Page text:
Alexandria, VA (Oct 16, 2012) Seniors will get one of the lowest cost-of-living adjustment (COLA) paid in the past decade next January. But even so, COLAs remain a key target in post-election deficit reduction efforts, warns The Senior Citizens League (TSCL), one of the nation’s largest nonpartisan seniors groups. A plan that would slow the growth in annual COLAs is a key provision of major deficit reduction plans quietly under consideration in Congress.
According to the Social Security Administration, beneficiaries will receive a 1.7% COLA starting in January of next year. The low COLA comes close on the heels of two years when no COLA was paid, in 2010 and 2011. The COLA in 2012 was 3.6%. “The anemic growth in benefits will cause tens of millions of seniors to spend a bigger portion of their monthly Social Security payment on healthcare and other costs next year,” says TSCL Chairman Larry Hyland.
The proposal to cut the growth of COLAs formed a major Social Security reform provision of President Obama’s 2010 Fiscal Commission. It would reduce the growth rate in COLAs by switching to the more slowly-growing “chained” CPI. “The switch is insidious because it’s enormously complicated to figure out, and it looks so small on paper — just 0.03 tenths of a percentage point,” Hyland observes. “But the loss compounds over time. Within a decade it would have a significant financial punch that just keeps getting bigger,” Hyland explains. The following chart provided by TSCL illustrates the impact of a chained CPI on a married couple’s Social Security benefits, which start at a total of $2,500 per month today, and how their benefits change over the first ten years. After ten years the chained CPI would reduce benefits by $88 per month, and would cut benefits by $5,488 over the ten-year period.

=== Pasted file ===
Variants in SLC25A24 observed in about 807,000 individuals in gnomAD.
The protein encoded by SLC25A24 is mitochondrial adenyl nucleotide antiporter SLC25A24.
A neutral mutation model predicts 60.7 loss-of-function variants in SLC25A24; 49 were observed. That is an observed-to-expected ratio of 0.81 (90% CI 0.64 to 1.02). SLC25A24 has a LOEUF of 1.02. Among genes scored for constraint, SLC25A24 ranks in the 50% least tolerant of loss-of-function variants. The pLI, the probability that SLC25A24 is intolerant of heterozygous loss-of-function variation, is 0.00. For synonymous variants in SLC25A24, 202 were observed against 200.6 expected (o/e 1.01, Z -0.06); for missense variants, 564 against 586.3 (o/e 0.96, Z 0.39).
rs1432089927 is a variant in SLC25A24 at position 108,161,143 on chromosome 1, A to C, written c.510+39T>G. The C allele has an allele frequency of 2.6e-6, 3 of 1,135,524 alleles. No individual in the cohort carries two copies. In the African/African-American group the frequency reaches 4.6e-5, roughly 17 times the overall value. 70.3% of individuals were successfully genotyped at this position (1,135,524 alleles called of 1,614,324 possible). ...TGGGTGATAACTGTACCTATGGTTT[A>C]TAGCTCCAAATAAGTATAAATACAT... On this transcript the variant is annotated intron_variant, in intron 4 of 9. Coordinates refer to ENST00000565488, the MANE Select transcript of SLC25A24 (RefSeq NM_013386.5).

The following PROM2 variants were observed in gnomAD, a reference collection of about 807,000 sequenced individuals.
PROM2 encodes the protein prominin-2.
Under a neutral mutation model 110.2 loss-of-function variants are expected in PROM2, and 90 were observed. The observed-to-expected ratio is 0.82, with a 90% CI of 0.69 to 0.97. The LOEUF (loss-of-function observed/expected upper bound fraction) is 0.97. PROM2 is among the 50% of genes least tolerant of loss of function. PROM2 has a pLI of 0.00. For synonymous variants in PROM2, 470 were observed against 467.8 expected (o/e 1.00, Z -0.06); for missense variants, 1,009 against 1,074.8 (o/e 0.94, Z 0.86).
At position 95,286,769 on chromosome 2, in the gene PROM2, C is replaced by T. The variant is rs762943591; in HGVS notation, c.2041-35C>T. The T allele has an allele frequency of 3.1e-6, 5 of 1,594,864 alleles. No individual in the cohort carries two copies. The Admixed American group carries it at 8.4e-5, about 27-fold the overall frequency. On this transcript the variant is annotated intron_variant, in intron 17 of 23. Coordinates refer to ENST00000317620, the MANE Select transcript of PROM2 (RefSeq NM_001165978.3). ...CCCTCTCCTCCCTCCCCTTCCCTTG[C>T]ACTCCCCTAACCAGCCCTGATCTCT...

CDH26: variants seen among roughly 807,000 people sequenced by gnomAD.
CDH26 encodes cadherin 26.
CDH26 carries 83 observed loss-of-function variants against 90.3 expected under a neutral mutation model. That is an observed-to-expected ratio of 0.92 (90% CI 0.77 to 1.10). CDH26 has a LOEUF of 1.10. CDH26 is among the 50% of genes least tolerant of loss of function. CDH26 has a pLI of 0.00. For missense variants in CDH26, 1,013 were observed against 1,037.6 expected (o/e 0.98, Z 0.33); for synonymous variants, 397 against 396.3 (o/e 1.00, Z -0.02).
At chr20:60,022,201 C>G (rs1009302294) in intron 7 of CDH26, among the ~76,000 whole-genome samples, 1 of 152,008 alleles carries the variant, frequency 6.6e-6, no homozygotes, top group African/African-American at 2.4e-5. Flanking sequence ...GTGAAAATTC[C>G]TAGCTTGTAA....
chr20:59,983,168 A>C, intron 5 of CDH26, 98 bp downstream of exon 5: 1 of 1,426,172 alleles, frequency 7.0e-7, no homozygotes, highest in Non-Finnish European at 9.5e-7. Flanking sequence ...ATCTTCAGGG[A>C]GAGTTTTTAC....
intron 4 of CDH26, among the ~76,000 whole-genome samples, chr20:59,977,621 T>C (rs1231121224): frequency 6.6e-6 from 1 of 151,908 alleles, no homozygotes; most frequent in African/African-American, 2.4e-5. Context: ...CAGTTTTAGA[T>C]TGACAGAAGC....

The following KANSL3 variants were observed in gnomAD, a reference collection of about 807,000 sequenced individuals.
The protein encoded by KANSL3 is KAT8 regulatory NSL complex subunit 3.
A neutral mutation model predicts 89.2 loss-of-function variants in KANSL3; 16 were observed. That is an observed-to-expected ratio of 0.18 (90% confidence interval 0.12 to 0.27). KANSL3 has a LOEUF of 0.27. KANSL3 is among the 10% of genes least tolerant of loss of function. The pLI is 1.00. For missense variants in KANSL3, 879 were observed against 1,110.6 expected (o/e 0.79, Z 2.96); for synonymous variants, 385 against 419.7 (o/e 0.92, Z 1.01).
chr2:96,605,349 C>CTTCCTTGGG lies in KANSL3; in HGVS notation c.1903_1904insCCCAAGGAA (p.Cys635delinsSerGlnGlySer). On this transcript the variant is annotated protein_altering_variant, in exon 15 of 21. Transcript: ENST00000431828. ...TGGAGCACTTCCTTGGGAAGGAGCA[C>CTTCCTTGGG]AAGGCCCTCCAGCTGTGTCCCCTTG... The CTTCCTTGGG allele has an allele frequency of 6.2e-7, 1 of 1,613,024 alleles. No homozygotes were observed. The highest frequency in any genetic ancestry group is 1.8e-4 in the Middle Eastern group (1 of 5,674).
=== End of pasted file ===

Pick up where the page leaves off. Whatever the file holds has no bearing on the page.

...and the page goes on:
How “Chained” CPI COLA Cut Compounds Over Ten Years
Under Current Law
|Monthly Benefit Using “Chained” CPI||Monthly Difference||Annual Difference|
|Total over ten years||(-$5,487.90)|
“Seniors can’t afford to sit still and allow lawmakers to use COLA cuts to reduced the federal budget deficit,” Hyland says. TSCL is organizing a grass-roots movement to fight the plan. To sign a petition or to learn how you can take part, visit TSCL on the web at www.SeniorsLeague.org.
With about 1 million supporters, The Senior Citizens League is one of the nation's largest nonpartisan seniors groups. Located just outside Washington, D.C., its mission is to promote and assist members and supporters, to educate and alert senior citizens about their rights and freedoms as U.S. Citizens, and to protect and defend the benefits senior citizens have earned and paid for. The Senior Citizens League is a proud affiliate of The Retired Enlisted Association. Please visit www.SeniorsLeague.org or call 1-800-333-8725 for more information.